What Do You Need to Start Color Grading Professionally?
As workflows evolve, it’s increasingly common to see color grading move out of the traditional color suite or finishing house and into the production company or agency—or even into the client’s office or home for approval.
With remote work becoming widespread, being able to grade or evaluate in-house is becoming essential. So if you’re thinking of building a small color suite, you’re not alone. But the world of color has traditionally been full of smoke and mirrors. There are long forum threads on what specific paint color you have to use, what lights you need to order, and confusing directions on what monitoring is considered acceptable. Let’s cut through the noise.
This article is not a guide on how to set up the perfect high-end finishing facility for major motion pictures; you hire an engineer for that. Instead, we’ll be focusing on building you something small, practical, and inexpensive.
Our goal is to combine best practice with industry standards to find a balance that’s realistic and affordable, which means focusing on mainstream grading in SDR rather than the emerging and expensive HDR standards. (You can always jump to HDR when your clients start asking for it.)
But before we get to that, let’s start with “Why?”
Why you need a small color grading suite
The biggest reason to set up your system for color grading is freedom. In post production, color grading is often a fixed date in the schedule with a color suite booked in preparation. This is fine when things go to plan, but if the edit runs over, booking a new date can incur extra costs (assuming that the suite’s even available). Or worse, if the edit wraps early, everyone’s left sitting around while they wait for the booked color slot to arrive.
This is at odds with our increasingly on-demand industry, where schedules are tighter and always shifting, and made more complex by production companies, post houses, and even agencies that want to get more involved in the coloring process. That might mean an editor taking a quick pass at color during early stages of the edit, or bringing in a freelance colorist when a final color grade is needed.
So, as well as a need for systems that allow you to color grade to current standards, there’s an increasing demand for setups that allow you to properly review the material. Fortunately, arrangements that used to cost hundreds of thousands of dollars can now be achieved for far less, as long as you make the right choices.
Choosing color software
The first of these choices is what software platform to support, and for color there’s really only one option in the “small suite” space. At the high end of the market, Baselight still has a major footprint, and at the entry level you’ll see work done in Final Cut Pro or Premiere Pro’s Lumetri, but for the vast majority of the middle of the market, DaVinci Resolve Studio is the tool of choice.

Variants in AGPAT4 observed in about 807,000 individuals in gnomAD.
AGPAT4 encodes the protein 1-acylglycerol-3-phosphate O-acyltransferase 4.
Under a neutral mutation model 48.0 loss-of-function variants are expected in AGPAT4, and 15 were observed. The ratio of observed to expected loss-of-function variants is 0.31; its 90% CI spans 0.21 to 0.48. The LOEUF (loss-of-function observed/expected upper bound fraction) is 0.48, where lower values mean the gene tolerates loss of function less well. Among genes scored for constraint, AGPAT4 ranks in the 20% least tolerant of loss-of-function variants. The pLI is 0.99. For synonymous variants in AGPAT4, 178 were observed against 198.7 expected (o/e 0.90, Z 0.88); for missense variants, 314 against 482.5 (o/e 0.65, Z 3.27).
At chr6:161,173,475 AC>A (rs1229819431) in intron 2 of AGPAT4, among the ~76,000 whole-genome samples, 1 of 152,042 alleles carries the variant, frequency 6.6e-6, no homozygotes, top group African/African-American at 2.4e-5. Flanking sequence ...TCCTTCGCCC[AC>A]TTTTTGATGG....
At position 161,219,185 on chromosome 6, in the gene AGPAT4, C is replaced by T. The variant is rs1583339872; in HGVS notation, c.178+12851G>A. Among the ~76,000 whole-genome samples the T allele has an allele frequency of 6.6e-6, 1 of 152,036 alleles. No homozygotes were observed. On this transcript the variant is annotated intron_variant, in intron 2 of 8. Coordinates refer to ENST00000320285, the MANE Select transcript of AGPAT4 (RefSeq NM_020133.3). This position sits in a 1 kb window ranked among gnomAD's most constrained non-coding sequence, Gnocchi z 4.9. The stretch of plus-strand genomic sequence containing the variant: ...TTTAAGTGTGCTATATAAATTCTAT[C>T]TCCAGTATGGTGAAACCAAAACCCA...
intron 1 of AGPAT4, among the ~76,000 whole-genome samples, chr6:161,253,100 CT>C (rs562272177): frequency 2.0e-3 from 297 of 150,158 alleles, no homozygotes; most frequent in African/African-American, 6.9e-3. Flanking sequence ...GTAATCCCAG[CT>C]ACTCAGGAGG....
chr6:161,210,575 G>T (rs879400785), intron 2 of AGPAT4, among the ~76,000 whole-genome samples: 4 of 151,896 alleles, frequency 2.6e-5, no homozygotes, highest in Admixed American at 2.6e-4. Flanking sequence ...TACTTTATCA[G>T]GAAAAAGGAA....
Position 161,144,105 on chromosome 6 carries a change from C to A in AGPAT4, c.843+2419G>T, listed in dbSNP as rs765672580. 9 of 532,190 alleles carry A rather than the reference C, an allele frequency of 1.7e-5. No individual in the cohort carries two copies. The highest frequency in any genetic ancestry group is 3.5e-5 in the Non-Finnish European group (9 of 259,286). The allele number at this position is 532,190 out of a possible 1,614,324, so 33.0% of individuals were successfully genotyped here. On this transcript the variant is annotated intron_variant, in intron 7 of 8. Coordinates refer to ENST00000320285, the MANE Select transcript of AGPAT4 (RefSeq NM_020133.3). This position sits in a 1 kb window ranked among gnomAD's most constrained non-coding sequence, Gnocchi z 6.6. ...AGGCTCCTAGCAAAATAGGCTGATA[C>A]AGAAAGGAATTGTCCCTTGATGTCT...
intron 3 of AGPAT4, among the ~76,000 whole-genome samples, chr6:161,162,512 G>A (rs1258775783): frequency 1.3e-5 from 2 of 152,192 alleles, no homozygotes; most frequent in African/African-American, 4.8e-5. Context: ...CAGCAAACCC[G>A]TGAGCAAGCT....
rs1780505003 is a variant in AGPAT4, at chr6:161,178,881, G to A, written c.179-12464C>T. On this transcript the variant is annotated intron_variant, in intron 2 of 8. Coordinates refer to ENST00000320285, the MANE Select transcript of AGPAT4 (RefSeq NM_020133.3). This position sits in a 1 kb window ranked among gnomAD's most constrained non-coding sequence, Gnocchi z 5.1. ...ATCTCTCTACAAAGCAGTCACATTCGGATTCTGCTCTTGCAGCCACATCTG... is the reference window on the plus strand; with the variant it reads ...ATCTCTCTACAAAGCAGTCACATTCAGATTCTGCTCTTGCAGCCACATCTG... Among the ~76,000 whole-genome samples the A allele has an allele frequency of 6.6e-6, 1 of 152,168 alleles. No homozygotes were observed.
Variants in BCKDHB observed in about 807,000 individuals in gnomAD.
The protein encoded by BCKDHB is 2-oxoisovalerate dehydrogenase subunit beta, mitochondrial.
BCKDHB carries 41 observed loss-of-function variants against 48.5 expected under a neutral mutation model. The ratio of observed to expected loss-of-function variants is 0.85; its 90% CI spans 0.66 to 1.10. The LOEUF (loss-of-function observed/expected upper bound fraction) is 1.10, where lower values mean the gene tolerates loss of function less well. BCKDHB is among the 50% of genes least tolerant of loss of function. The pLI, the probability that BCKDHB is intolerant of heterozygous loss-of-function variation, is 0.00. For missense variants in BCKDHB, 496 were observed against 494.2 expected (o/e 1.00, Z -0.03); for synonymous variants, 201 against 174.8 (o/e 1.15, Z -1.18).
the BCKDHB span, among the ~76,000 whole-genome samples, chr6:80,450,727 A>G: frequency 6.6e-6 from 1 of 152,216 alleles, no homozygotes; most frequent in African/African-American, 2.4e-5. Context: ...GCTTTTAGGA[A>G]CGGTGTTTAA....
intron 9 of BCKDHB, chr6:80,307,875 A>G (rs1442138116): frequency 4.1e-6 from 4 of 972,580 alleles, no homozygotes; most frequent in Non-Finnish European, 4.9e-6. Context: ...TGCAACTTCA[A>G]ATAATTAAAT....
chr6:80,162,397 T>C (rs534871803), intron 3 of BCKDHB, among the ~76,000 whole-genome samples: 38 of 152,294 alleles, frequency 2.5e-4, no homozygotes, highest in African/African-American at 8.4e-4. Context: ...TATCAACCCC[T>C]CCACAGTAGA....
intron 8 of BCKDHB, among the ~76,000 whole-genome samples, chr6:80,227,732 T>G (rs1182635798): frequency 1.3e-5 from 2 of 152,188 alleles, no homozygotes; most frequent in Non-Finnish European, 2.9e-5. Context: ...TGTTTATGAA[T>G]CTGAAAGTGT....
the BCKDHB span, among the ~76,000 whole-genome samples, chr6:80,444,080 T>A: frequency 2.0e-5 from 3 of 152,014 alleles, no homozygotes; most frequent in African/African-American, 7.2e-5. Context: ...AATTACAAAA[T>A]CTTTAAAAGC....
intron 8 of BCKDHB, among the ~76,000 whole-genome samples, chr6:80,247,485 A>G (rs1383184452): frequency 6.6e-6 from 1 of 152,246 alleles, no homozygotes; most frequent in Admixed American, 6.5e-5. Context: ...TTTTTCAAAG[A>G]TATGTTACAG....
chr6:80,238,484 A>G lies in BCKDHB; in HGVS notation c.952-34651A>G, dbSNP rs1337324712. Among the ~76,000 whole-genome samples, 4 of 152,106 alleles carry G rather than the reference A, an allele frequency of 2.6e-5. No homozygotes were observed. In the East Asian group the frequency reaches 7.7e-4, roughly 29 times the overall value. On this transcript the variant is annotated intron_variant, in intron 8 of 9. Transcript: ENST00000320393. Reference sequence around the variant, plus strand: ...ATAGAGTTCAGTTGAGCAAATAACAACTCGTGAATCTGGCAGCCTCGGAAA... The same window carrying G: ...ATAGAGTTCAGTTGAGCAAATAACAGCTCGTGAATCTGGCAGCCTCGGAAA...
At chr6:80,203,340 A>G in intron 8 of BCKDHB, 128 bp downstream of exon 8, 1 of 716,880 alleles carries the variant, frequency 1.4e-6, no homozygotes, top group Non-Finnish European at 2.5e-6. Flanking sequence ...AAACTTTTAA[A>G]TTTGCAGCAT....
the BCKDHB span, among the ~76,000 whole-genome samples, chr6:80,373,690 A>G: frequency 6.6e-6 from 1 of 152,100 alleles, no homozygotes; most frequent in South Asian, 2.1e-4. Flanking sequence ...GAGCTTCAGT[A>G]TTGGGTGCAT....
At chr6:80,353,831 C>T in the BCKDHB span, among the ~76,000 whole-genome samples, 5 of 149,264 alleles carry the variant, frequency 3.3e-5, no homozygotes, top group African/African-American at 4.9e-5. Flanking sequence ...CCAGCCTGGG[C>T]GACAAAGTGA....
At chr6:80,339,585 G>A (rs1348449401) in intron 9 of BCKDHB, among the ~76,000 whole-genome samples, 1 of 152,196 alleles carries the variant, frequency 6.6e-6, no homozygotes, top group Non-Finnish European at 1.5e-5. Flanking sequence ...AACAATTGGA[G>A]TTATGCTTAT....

That doesn’t mean Resolve isn’t used on high-end work; it is. You’ll frequently find it in the workflows for Oscar-winning movies (and TV, too). There’s a free version available and it’s impressively powerful, but it’s worth investing in the $299 Studio upgrade. This supports more collaborators on projects, GPU acceleration, and higher frame rates/resolutions. Plus it opens up some nifty AI features like noise correction and face detection.
Also, if your plan is to build a color business yourself or to bring in outside colorists on a freelance basis, DaVinci Resolve Studio is the tool of the trade, so it will maximize the freelance talent pool at your disposal.
Choosing a reference display
A bigger challenge is choosing the monitor you’ll use to evaluate the image. You’ll hear the term “reference monitor” thrown around a lot. This simply means that it matches a particular standard, and looks the same as every other reference monitor for that standard—including the ones at the QC (quality control) house or the networks or streamers you might deliver to.
Size-wise, broadcast reference monitors range from 9-inch displays to eye-wateringly expensive 55-inch monitors, but 24-inch is the most common for desktop setups, especially if you’re setting it up alongside your computer display.
Working at this size means that it’s hard to see a difference between HD and 4K, so an HD monitor will do the job just as well as a more expensive 4K model. In fact, many facilities still use HD monitoring equipment, even when grading 4K media. Also, since HD has been around a while, it’s possible to get good quality used equipment and save yourself some money (just be wary of burnt-out ex-color house workhorses with 40,000 hours on the clock).